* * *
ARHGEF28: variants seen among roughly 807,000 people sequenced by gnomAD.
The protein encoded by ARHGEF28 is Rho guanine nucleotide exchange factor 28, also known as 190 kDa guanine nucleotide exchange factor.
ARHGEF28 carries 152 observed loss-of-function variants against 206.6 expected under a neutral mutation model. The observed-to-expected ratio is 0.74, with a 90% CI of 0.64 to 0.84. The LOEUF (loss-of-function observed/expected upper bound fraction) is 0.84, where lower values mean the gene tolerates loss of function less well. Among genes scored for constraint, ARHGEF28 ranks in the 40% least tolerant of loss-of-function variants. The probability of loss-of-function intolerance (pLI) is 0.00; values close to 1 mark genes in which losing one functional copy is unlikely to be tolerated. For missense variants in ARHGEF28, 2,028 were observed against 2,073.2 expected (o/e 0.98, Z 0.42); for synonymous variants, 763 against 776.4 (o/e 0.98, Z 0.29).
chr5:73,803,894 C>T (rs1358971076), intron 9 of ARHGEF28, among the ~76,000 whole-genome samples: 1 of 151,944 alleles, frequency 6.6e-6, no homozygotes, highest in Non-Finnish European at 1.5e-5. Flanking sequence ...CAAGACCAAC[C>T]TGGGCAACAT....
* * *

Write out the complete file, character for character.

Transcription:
ARHGEF28: variants seen among roughly 807,000 people sequenced by gnomAD.
The protein encoded by ARHGEF28 is Rho guanine nucleotide exchange factor 28, also known as 190 kDa guanine nucleotide exchange factor.
ARHGEF28 carries 152 observed loss-of-function variants against 206.6 expected under a neutral mutation model. The observed-to-expected ratio is 0.74, with a 90% CI of 0.64 to 0.84. The LOEUF (loss-of-function observed/expected upper bound fraction) is 0.84, where lower values mean the gene tolerates loss of function less well. Among genes scored for constraint, ARHGEF28 ranks in the 40% least tolerant of loss-of-function variants. The probability of loss-of-function intolerance (pLI) is 0.00; values close to 1 mark genes in which losing one functional copy is unlikely to be tolerated. For missense variants in ARHGEF28, 2,028 were observed against 2,073.2 expected (o/e 0.98, Z 0.42); for synonymous variants, 763 against 776.4 (o/e 0.98, Z 0.29).
chr5:73,803,894 C>T (rs1358971076), intron 9 of ARHGEF28, among the ~76,000 whole-genome samples: 1 of 151,944 alleles, frequency 6.6e-6, no homozygotes, highest in Non-Finnish European at 1.5e-5. Flanking sequence ...CAAGACCAAC[C>T]TGGGCAACAT....